The African American Experience / Edition 1

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This narrative text explores the African American experience throughout United States history, with particular emphasis on work, community, and recurring discrimination. Unlike most other texts dealing with this subject matter, The African American Experience provides equal emphasis on the North and South.

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Product Details

  • ISBN-13: 9780395756546
  • Publisher: Cengage Learning
  • Publication date: 12/11/2000
  • Edition description: New Edition
  • Edition number: 1
  • Pages: 768
  • Sales rank: 1,405,227
  • Product dimensions: 6.60 (w) x 9.10 (h) x 1.20 (d)

Table of Contents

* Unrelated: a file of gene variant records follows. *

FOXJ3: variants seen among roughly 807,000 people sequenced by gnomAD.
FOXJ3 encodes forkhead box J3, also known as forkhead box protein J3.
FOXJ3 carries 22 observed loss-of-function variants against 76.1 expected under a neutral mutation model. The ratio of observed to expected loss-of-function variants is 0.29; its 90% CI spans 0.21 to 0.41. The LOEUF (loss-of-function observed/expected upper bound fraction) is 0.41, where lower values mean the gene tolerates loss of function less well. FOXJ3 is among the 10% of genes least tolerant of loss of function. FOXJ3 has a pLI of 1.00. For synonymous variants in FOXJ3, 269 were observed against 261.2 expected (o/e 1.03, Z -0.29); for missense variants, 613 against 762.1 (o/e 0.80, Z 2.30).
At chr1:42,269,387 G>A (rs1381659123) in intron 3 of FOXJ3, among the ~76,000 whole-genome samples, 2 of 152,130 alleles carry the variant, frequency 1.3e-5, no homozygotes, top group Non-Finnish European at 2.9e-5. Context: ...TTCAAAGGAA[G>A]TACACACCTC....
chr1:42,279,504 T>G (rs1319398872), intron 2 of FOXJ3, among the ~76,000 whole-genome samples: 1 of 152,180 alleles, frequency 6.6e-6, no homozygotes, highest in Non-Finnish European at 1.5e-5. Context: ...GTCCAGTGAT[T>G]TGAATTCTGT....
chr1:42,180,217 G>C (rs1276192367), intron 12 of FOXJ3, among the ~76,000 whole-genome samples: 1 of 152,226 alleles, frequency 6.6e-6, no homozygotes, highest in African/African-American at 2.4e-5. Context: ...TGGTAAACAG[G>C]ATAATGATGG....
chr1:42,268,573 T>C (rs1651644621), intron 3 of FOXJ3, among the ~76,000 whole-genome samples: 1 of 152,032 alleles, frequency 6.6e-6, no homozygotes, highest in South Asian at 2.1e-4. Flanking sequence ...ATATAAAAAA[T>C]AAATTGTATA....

I. The African American Experience in Global Perspective: Prelude to a New World 1. Before the Atlantic Crossing Northeast Africa Northwest Africa and the Trans-Saharan Trade West Africa 2. The Transatlantic Trade, the Plantation System, and Black Labor The Old World Roots of New World Bondage The Caribbean and Latin America Slave Culture, Politics, and Resistance II. Enslavement, Revolution, and the New Republic, 1619-1820 3. Transition to African Labor Ambiguous Beginnings Expansion and Consolidation of African Slavery Legal Dimensions 4. Responses to Bondage Emergence of African American Culture and Communities From Day-to-Day Resistance to Open Rebellion Inter- and Intraethnic Relations 5. African Americans and the American Revolution Black Resistance, Antislavery Sentiment, and the Beginnings of the Revolution Shifting Military Policies and the Recruitment of Black Troops African Americans in the Revolutionary Forces 6. Race, Republicanism, and the Limits of Democracy Free Blacks and the Promise of the Revolution African Americans and the Limits of Democracy The Rise of Black Institutions: Civil and Human Rights Struggles III. The Antebellum Era, Expansion of Cotton Culture, and Civil War, 1820-1865 7. Under the Lash: Migration, Work, and Social Conditions Cotton and the Journey to the Deep South Plantation, Industrial, and Urban Work Bondage, Law, Health, and Living Conditions 8. Community, Culture, and Resistance Judeo-Christian/African Ideas and the Black Family Religion, Music, and Leisure Time Activities Day-to-Day Resistance, Rebellion, and Attempts to Rebel 9. Free Blacks, Abolitionists, and the Antislavery Movement Urbanization, Work, and the Economy Disfranchisement, Segregation, and Exclusion Institutions, Culture, and Politics 10. The Civil War and the Struggle for Freedom White Attitudes Toward Blacks in the North and the South Early African American Responses to the War Federal Policy and the Enlistment of Blacks On the Battlefield and the Fight Within the Fight Rehearsal for Reconstruction IV. Emancipation and the First Generation of Freedom, 1865-1915 11. The Politics of Emancipation: Winning and Losing the Franchise Presidential Reconstruction and the Radical Challenge From "Radical" to "Redeemer" Regimes Limits of Electoral Politics 12. Economic Emancipation, Land, and the Search for Industrial Opportunities Rural Wage Labor and New Forms of Coercion Landownership and Resistance to Wage Labor The Sharecropping System Urbanization Emergence of New Businesses and Entrpreneurs 13. Freedom, Social Conditions, and the Rise of Jim Crow Housing, Education, and Public Accommodations Law, Justice, and Racist Publications 14. Emancipation, Jim Crow, and New Forms of Community and Social Activism Family, Church, and Fraternal Order Social Clubs, Leisure Time, and Cultural Change New Ideological, Class, and Social Struggles V. Migration, Depression, and World Wars, 1915-1945 15. The Great Migration African Americans and World War I Migration to the North, West, and Midwest Expansion of the Black Industrial Working Class Expansion of the New Black Middle Class 16. Rise of the "New Negro" Legacy of War and Broken Promises "New" Negroes in the Making The Garvey Movement The Harlem Renaissance Civil Rights and Political Struggles 17. The Old Deal Continues The Depression, Unemployment, and Mass Suffering Social Welfare and Relief Policies Coping with a "Raw Deal" 18. Emergence of a New Deal? Leaving the Party of Lincoln Entering the House of Labor The Civil Rights Struggle Cultural Developments 19. World War II African Americans, Military Policy, and Early Responses to War The Jim Crow Armed Forces, Treatment, and Resistance Defense Industries, the MOWM, and the "Double V" Campaign Wartime Housing and Community Conflict VI. Civil Rights, Black Power, and Deindustrialization, 1945-2000 20. The Modern Civil Rights Movement Social Change and Early Postwar Legal Battles Nonviolent Direct Action, the Youth Challenge, and White Resistance Federal Action, Internal Conflicts, and the Limits of Nonviolence 21. The Civil Rights Struggle in the Urban North and West The Fight for Jobs, Housing, and Public Accommodations The Nation of Islam, Malcolm X, and Urban Rebellion Intellectual, Artistic, and Cultural Developments 22. The Black Power Movement Revolutionary Black Nationalism, Antiwar Sentiment, and Repression Crisis of Radicalism, the New Politics, and Black Capitalism The Second Black Renaissance: Cultural and Intellectual Life 23. Redefining the Boundaries of Black Culture and Politics Deindustrialization and Community Fragmentation Opposing the Second Reconstruction Defending the Second Reconstruction Redefining the Boundaries of Black Culture

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